At least best friend Sarah still has her back, but Trina wearies of Morgan’s constant insults and her heartless treatment of Knight, she decides to use her dog training skills to look underneath Morgan’s hostile attitude and develop a sense of trust.
Slowly, Morgan’s angry shield cracks enough to where she’s able to share a troubling family secret. Can Trina help Morgan confront her family problems and make a fresh start?
“Mrs. B said she’s in the ninth grade.” As the commotion lessened, I added, “Ooo! I can’t wait to see her ride. Maybe, she’ll even ride with me.”
The engine turned off, and a tall, dark-skinned man leaped from the driver’s side. At the same time, a long-legged, skinny girl in black riding pants and shiny black boots stepped down from the front passenger door. The sun gleamed on her brown face, poufy bangs, and ponytail.
She waved her dressage whip in the air as if it were a sword.
The girl’s voice boomed through the trees, “Dad, what are you doing? Look! You’re too close to the fence. Pay attention!”
I turned a wide-eyed look at Sarah, whose mouth hung open. Without a word, Sarah grabbed my arm and pulled me closer.
Her father opened the trailer’s top half doors and latched the panels to each side. From the rear of the trailer, a stately, black horse kicked and neighed.
The girl climbed in a side door to untie the horse. He put one hoof a couple of inches behind.
She screamed at the horse. “Knight, walk! Get off the trailer!” Her whip slapped at the air. “What’s wrong with you?”
Without warning, the horse threw his head, showing the whites of his eyes as he bolted backward down the ramp. White foam lathered his glossy chest.
Her voice raised an octave. “Dad, he’s getting away!” Then she shrieked, “Move! You’re no help!”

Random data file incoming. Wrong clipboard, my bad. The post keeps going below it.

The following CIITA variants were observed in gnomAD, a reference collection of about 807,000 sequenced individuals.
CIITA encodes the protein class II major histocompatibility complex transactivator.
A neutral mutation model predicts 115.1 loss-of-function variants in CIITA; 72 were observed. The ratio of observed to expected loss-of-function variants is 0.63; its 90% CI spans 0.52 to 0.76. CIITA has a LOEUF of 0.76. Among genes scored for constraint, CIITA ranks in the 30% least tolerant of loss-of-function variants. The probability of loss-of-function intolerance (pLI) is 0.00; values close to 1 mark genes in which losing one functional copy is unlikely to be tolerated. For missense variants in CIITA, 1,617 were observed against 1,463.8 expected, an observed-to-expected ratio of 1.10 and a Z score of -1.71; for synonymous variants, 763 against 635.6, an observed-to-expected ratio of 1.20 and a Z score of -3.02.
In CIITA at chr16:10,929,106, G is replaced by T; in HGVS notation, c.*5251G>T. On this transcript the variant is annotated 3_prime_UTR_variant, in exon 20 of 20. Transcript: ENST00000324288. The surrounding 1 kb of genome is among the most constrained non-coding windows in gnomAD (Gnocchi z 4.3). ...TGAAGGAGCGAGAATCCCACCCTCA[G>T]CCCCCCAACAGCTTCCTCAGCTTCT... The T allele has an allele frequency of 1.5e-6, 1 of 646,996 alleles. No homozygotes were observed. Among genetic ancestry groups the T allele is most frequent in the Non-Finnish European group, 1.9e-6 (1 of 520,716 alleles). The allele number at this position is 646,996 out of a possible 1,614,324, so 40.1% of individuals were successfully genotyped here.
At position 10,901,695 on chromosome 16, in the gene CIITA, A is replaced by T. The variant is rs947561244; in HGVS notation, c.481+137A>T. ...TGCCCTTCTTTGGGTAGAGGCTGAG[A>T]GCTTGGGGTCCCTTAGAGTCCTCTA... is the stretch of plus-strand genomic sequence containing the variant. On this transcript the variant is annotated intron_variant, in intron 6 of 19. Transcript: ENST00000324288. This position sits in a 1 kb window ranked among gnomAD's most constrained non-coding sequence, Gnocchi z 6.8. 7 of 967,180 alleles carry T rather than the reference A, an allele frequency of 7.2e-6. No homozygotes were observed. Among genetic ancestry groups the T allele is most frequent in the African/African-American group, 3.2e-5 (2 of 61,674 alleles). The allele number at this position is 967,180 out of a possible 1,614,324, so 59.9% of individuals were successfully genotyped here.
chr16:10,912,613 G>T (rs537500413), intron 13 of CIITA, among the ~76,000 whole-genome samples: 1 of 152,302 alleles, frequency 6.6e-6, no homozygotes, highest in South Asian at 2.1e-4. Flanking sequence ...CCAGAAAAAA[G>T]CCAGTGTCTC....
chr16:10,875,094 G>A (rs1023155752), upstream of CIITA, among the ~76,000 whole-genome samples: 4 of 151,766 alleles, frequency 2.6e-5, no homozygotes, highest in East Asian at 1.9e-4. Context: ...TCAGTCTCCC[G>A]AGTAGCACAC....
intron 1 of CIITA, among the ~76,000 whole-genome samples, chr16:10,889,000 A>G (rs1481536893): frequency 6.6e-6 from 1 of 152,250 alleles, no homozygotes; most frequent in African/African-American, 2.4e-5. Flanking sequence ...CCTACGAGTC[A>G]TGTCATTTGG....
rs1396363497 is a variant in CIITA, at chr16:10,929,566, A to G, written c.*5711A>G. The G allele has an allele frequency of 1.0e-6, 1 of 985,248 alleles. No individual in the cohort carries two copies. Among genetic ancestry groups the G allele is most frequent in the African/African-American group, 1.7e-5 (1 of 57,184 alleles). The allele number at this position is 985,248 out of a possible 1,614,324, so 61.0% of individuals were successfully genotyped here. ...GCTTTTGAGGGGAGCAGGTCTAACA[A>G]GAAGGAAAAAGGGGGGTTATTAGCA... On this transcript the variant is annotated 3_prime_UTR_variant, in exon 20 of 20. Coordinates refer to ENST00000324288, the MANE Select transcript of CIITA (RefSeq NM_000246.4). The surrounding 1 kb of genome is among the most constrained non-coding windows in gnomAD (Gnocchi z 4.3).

The father rushed over and pulled the whip from the girl’s hands. “Morgan, quiet down! You’re frightening Knight. Give him a chance.”
She jerked the lead line. “Knight, you stupid horse! You know better.”
“Oh my gawd!” My eyes widened, and I shook my head. “How could anyone treat their horse like that?” I patted my chest. “And what’s she doing at my barn?”
Sheri S. Levy is the author of an award-winning debut novel in her series, Trina Ryan’s Dogs in Training. Seven Days to Goodbye, won in 2015, and her magazine article, Scent with Love, won in 2011, with the Dog Writers Association in the Special Interest category. She is an active member of SCBWI and SIBA.
After a twenty-five-year teaching career in special needs, Sheri remains active with tutoring teens in reading and writing. PAALS, (Palmetto Animal Assisted Living Services), has helped with her research on writing about service dogs and how they change lives. Sheri, in turn, shares her book proceeds to support PAALS.org.
Sheri enjoys doing author visits and teaching writing workshops. When she is not writing, she reads, plays with her two dogs, listens to music, and hangs out with her husband and family.
You can find more information on her website: http://www.sherislevy.com, Facebook: http://www.Sherislevyauthor, and Twitter: http://www.twitter.com/SheriSLevy.